• Simultaneous data collection for up to five separate IR/UV radiometer heads
  • 30 kHz data-sampling rate (10 kHz electronics bandwidth)
  • Real-time data display, data averaging, and FFT processing
  • Intuitive LabVIEW Operator Interface for radiometer configuration and control
  • Outdoor operational capability for ambient temperatures up to 100 °F
  • Low-Voltage Differential Signaling (LVDS) of radiometer digital data to DAU
  • External DAU TTL start-trigger
  • GPS/IRIG option for data time stampingThe radiometer system consists of a portable PC-based Data Acquisition Unit, a Power/Data Interface Unit, up to five radiometer heads, and related cabling.

The radiometer heads contain the detectors and digitizing electronics. The detectors are DC coupled (a chopper is not required) and have low 1/f noise, making them ideal for low- frequency signal monitoring, while the 30 kHz sampling rate and 10 kHz electronics bandwidth allow high- frequency signal components, e.g., spikes to be observed (> 1 msec time resolution). The DAU acquires, stores, and graphically displays the radiometer data; data averaging and FFT processing are readily performed.

Technology Service Corporation (TSC) has developed a modular infrared (IR) and ultraviolet (UV) radiometer system for radiometric measurement and monitoring of IR/UV sources and simulations. Radiometer signals are digitized in the radiometer heads allowing cable lengths of up to 200 feet to the Data Acquisition Unit (DAU). The system has the following features:

  • Simultaneous data collection for up to five separate IR/UV radiometer heads
  • 30 kHz data-sampling rate (10 kHz electronics bandwidth)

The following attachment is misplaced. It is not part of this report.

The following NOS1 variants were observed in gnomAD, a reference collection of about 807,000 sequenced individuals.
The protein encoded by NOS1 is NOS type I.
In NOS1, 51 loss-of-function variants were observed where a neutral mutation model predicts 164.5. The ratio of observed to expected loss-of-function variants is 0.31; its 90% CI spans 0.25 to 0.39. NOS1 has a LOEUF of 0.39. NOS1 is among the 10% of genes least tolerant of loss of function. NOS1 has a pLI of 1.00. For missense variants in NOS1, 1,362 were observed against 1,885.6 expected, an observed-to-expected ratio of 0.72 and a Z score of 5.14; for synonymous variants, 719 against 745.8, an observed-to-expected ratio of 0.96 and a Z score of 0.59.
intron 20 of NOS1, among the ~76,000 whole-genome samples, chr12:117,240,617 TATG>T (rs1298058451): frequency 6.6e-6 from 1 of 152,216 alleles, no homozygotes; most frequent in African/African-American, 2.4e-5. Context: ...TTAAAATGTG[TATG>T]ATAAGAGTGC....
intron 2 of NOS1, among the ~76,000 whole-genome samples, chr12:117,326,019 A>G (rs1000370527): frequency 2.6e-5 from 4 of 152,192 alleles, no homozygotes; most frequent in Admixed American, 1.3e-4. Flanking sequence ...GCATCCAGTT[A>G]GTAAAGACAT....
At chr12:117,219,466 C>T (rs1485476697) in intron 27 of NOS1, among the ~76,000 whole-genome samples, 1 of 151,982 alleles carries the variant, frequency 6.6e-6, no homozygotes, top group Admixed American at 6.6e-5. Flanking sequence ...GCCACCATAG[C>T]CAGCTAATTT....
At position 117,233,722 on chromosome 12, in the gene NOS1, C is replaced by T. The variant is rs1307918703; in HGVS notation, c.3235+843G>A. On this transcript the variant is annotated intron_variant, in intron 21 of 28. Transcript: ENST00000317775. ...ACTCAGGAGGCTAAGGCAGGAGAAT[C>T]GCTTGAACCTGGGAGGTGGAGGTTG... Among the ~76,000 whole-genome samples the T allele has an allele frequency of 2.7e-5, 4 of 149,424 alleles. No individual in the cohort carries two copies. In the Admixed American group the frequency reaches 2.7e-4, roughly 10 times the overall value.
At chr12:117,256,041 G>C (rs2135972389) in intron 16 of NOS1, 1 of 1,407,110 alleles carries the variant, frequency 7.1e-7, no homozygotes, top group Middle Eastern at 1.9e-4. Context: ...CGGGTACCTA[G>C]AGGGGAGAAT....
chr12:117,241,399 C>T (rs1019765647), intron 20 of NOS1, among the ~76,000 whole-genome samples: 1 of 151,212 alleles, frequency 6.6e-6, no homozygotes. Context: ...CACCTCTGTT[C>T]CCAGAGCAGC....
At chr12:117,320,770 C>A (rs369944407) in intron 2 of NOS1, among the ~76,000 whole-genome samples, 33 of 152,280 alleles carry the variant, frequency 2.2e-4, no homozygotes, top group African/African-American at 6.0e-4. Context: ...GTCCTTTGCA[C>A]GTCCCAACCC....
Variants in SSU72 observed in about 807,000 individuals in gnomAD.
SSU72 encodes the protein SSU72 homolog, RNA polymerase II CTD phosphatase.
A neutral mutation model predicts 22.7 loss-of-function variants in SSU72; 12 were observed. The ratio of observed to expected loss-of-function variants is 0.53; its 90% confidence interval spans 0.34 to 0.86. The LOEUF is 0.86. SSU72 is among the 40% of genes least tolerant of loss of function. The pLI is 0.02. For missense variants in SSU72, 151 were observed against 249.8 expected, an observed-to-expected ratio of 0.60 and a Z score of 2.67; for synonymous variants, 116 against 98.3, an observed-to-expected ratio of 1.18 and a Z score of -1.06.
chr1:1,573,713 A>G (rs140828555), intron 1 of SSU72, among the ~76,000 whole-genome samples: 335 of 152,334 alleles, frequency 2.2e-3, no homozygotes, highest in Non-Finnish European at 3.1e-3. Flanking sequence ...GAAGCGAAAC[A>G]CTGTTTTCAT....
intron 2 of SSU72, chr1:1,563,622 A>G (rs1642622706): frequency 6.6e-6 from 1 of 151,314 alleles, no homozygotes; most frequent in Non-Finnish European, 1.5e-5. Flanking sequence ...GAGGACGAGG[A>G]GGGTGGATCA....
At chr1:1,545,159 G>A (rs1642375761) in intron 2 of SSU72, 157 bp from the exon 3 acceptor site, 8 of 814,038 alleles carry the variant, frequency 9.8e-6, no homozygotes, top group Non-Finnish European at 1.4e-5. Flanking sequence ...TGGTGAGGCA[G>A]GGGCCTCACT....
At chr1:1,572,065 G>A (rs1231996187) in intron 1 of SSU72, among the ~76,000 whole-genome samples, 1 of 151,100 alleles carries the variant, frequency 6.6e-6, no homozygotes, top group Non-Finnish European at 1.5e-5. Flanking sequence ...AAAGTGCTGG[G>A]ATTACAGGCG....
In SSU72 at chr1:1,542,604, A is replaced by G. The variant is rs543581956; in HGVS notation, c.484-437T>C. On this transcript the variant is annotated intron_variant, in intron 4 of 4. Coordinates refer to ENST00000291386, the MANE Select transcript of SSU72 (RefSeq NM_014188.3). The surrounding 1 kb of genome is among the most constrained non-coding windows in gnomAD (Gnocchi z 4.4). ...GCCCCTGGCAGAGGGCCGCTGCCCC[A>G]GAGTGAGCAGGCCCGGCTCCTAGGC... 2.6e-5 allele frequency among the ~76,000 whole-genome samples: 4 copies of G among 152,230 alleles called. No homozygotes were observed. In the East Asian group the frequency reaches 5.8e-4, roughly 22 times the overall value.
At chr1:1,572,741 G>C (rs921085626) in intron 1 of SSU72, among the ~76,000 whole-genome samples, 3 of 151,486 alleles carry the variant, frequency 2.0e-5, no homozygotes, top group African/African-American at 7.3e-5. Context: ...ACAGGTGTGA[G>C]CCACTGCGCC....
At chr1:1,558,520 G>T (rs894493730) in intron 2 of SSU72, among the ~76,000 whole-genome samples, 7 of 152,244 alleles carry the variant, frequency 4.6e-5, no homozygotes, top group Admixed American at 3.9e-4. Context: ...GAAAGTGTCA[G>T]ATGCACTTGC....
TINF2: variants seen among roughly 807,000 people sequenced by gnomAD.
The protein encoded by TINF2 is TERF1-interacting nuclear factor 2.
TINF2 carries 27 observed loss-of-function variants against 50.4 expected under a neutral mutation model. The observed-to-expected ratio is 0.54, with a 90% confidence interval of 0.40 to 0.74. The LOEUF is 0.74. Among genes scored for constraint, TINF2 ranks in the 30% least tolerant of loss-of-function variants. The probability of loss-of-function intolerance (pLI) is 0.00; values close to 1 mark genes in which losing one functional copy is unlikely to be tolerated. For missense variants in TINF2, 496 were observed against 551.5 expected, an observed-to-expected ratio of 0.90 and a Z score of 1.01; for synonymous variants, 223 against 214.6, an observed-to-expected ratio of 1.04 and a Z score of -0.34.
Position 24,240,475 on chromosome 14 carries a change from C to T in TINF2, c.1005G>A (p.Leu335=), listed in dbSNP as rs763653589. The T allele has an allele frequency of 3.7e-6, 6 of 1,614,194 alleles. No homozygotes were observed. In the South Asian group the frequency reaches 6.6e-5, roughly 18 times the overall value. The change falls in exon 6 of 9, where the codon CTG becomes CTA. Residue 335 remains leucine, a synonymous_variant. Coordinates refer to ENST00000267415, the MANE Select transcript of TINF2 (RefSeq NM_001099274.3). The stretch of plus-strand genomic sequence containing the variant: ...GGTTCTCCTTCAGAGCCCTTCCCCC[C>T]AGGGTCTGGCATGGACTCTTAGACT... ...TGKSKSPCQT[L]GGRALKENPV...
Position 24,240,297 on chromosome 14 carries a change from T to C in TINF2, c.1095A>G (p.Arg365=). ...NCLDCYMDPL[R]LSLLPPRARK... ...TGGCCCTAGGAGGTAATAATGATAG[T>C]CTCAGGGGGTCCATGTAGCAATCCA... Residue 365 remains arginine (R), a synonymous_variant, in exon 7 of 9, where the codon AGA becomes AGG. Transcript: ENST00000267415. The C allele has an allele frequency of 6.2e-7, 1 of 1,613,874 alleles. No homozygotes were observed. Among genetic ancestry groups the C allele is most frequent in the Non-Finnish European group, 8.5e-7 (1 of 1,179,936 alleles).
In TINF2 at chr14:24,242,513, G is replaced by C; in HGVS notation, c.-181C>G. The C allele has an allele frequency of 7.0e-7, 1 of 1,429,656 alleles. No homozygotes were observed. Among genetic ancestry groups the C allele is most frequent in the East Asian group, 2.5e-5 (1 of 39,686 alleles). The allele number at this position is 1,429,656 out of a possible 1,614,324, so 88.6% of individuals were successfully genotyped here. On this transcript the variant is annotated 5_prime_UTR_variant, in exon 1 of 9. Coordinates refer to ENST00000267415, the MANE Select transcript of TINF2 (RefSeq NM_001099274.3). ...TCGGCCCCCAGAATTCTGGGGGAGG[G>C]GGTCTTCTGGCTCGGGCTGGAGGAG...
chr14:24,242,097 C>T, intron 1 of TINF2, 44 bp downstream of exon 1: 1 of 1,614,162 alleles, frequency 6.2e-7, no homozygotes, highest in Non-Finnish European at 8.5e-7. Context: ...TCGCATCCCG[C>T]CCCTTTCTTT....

• Real-time data display, data averaging, and FFT processing
  • Intuitive LabVIEW Operator Interface for radiometer configuration and control
  • Outdoor operational capability for ambient temperatures up to 100 °F
  • Low-Voltage Differential Signaling (LVDS) of radiometer digital data to DAU
  • External DAU TTL start-trigger
  • GPS/IRIG option for data time stampingThe radiometer system consists of a portable PC-based Data Acquisition Unit, a Power/Data Interface Unit, up to five radiometer heads, and related cabling.

The radiometer heads contain the detectors and digitizing electronics. The detectors are DC coupled (a chopper is not required) and have low 1/f noise, making them ideal for low- frequency signal monitoring, while the 30 kHz sampling rate and 10 kHz electronics bandwidth allow high- frequency signal components, e.g., spikes to be observed (> 1 msec time resolution). The DAU acquires, stores, and graphically displays the radiometer data; data averaging and FFT processing are readily performed.

RadiometerIRUV
DetectorHgCdTeSi photodiode
Wavelength Band1 – 5 μm*200 – 300 nm*
Sensitivity4 x 10-8 W/cm23 x 10-9 W/cm2
Dynamic Range> 30 dB> 30 dB
Field of View (FOV)40 deg40 deg
Sampling Rate30 kHz30 kHz
*can be tailored with external bandpass filter